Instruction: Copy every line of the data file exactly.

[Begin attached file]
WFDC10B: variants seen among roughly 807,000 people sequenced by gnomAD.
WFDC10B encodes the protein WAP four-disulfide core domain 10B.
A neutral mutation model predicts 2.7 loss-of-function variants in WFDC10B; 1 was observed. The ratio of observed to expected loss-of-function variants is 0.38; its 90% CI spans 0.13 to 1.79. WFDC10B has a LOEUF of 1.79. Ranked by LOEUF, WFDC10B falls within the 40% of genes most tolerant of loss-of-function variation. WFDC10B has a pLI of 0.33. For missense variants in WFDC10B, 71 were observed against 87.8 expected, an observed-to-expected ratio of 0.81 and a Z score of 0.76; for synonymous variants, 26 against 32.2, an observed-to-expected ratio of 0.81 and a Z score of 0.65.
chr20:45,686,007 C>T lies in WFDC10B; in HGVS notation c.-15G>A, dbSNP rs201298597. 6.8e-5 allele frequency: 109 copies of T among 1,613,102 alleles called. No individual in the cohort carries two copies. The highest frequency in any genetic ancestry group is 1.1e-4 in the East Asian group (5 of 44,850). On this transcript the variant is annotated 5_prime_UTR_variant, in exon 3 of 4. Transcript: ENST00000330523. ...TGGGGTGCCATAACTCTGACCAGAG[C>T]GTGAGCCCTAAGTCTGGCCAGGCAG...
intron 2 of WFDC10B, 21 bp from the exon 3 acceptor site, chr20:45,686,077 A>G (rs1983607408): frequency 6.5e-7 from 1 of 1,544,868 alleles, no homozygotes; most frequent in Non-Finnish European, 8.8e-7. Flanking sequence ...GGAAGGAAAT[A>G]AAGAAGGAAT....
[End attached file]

WFDC10B: variants seen among roughly 807,000 people sequenced by gnomAD.
WFDC10B encodes the protein WAP four-disulfide core domain 10B.
A neutral mutation model predicts 2.7 loss-of-function variants in WFDC10B; 1 was observed. The ratio of observed to expected loss-of-function variants is 0.38; its 90% CI spans 0.13 to 1.79. WFDC10B has a LOEUF of 1.79. Ranked by LOEUF, WFDC10B falls within the 40% of genes most tolerant of loss-of-function variation. WFDC10B has a pLI of 0.33. For missense variants in WFDC10B, 71 were observed against 87.8 expected, an observed-to-expected ratio of 0.81 and a Z score of 0.76; for synonymous variants, 26 against 32.2, an observed-to-expected ratio of 0.81 and a Z score of 0.65.
chr20:45,686,007 C>T lies in WFDC10B; in HGVS notation c.-15G>A, dbSNP rs201298597. 6.8e-5 allele frequency: 109 copies of T among 1,613,102 alleles called. No individual in the cohort carries two copies. The highest frequency in any genetic ancestry group is 1.1e-4 in the East Asian group (5 of 44,850). On this transcript the variant is annotated 5_prime_UTR_variant, in exon 3 of 4. Transcript: ENST00000330523. ...TGGGGTGCCATAACTCTGACCAGAG[C>T]GTGAGCCCTAAGTCTGGCCAGGCAG...
intron 2 of WFDC10B, 21 bp from the exon 3 acceptor site, chr20:45,686,077 A>G (rs1983607408): frequency 6.5e-7 from 1 of 1,544,868 alleles, no homozygotes; most frequent in Non-Finnish European, 8.8e-7. Flanking sequence ...GGAAGGAAAT[A>G]AAGAAGGAAT....